Everybody knows that you don’t book a budding soul chanteuse like Adele for the hip-but-tiny Beachland Ballroom when she can sell out the less-hip-but-more-cavernous House of Blues in mere minutes. It’s economics, really.
So that’s where the shockingly mature 20-year-old Brit ended up holding court on Saturday night, with a delicate but sassy performance that left fans in awe of a voice more on par with Etta James than that soused-to-oblivion Amy Winehouse (the other young Brit belter Adele’s always compared to). It’s no wonder she snagged Grammys for Best New Artist and Best Female Pop Performance not too long ago.
Adele's live show, which featured more soulful renderings of her songs than the studio yielded, cements those accolades. It didn’t matter that you could barely understand her between-song banter — something about how she’s a little embarrassed about looking frumpy and in need of an ironing board, and how she’s aw-shucks happy to be here. The songs she played, almost all of them from her solid debut 19, more than made up for the indecipherable small talk.
It didn't hurt that the Dublin-based band the Script opened the show. The group includes a great singer, Danny O’Donaghue, who bounces around like Coldplay’s Chris Martin. But more often than not, he’s singing soul-rock melodies that, though riff heavy and occasionally toe-tapping, lack any luster.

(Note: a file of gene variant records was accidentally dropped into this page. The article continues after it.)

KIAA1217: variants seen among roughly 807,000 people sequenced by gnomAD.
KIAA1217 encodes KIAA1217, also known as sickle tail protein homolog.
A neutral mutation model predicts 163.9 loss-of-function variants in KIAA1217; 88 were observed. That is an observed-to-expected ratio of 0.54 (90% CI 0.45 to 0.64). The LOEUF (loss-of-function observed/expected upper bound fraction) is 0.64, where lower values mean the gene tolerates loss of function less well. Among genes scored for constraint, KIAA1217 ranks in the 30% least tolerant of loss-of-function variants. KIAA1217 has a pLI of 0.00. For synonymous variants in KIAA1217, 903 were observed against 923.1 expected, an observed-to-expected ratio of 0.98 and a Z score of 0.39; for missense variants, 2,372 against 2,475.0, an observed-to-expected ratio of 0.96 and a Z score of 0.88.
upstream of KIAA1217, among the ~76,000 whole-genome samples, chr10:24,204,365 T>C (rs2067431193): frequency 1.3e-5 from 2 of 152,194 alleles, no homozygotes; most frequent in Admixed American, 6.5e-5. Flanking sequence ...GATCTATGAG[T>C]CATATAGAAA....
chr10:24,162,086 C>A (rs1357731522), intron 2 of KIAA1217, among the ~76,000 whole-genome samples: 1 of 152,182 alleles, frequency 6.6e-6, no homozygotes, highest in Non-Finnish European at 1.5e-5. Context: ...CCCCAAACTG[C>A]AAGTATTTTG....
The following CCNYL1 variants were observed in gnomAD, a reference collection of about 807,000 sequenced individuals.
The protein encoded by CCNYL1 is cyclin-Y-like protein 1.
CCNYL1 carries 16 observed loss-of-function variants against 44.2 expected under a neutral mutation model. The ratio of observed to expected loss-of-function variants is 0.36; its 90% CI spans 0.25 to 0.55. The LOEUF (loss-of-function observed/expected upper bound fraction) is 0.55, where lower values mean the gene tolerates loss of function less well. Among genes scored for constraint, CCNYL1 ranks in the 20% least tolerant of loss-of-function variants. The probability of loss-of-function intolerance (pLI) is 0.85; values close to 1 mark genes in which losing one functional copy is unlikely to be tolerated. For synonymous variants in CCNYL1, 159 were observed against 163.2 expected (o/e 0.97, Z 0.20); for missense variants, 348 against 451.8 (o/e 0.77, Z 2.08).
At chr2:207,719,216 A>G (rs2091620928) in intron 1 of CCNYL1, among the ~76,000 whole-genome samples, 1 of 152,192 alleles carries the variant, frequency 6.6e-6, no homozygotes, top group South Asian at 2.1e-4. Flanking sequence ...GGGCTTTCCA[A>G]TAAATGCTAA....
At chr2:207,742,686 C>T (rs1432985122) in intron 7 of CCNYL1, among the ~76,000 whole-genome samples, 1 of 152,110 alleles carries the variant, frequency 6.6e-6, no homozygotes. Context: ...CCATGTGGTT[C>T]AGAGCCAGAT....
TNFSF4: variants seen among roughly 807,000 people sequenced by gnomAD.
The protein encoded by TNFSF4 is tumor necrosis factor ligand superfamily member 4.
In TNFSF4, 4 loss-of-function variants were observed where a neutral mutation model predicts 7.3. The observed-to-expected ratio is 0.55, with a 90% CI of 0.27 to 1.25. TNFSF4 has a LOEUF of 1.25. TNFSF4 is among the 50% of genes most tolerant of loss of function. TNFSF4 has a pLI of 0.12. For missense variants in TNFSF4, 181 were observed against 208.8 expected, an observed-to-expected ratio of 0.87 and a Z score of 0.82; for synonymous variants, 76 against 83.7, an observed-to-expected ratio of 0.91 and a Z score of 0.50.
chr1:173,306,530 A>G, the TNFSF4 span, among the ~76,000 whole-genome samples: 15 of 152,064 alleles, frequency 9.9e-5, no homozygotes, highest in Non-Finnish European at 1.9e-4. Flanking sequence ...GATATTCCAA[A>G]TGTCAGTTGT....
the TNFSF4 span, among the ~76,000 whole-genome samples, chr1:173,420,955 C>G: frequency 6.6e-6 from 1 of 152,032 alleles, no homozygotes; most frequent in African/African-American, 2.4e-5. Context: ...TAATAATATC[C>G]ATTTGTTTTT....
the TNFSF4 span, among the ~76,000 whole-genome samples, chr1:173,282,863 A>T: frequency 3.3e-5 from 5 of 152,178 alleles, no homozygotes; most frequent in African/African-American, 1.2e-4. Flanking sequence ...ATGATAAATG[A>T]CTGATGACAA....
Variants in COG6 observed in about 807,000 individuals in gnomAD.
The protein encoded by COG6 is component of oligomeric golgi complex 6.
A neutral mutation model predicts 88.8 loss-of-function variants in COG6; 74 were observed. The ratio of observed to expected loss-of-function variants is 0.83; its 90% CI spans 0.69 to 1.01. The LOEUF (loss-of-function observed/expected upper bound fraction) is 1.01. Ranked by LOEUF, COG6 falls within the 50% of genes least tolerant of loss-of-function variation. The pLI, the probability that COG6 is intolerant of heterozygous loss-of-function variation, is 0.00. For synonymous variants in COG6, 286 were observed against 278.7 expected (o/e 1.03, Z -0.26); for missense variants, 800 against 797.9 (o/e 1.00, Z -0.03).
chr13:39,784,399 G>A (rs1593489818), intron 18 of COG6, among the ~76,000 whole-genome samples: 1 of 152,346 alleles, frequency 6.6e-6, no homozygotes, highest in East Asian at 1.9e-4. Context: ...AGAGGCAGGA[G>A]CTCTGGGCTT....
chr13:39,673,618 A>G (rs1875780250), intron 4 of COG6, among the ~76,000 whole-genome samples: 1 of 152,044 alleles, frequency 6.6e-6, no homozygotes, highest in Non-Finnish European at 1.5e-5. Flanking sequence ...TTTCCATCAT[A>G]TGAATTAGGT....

So when Adele came on, draped in a black sweater quilt and occasionally wrapped around a rhythm guitar, the audience was ready for something with the power to move. And she delivered that.
Though songs like the single “Chasing Pavements” and Bob Dylan’s romantic “Make You Feel My Love” roused the most heartfelt responses, other moments touched more deeply. Piano ballad “Hometown Glory” penetrated the crowd to stillness and quiet. “Many Shades of Black” roared with rock gusto in spaces between the languid lounge-y pace. “Cold Shoulder” was all funky vocal and percussive acrobatics; “Right as Rain” was even funkier, as Adele swaggered around the mic and sang, “No room in my bed, as far as I’m concerned, so wipe that dirty smile off your face.” Then there’s “First Love” — a haunting trip to the carnival of personal pain.
My only complaint was Adele's lack of depth. I was hoping she’d fill the spaces with some covers to show her long-range plan. But really what it was: The show just didn’t last long enough. And when you can’t sit down the whole time, that’s saying a lot. —Dan Harkins; photos by Jen Beehler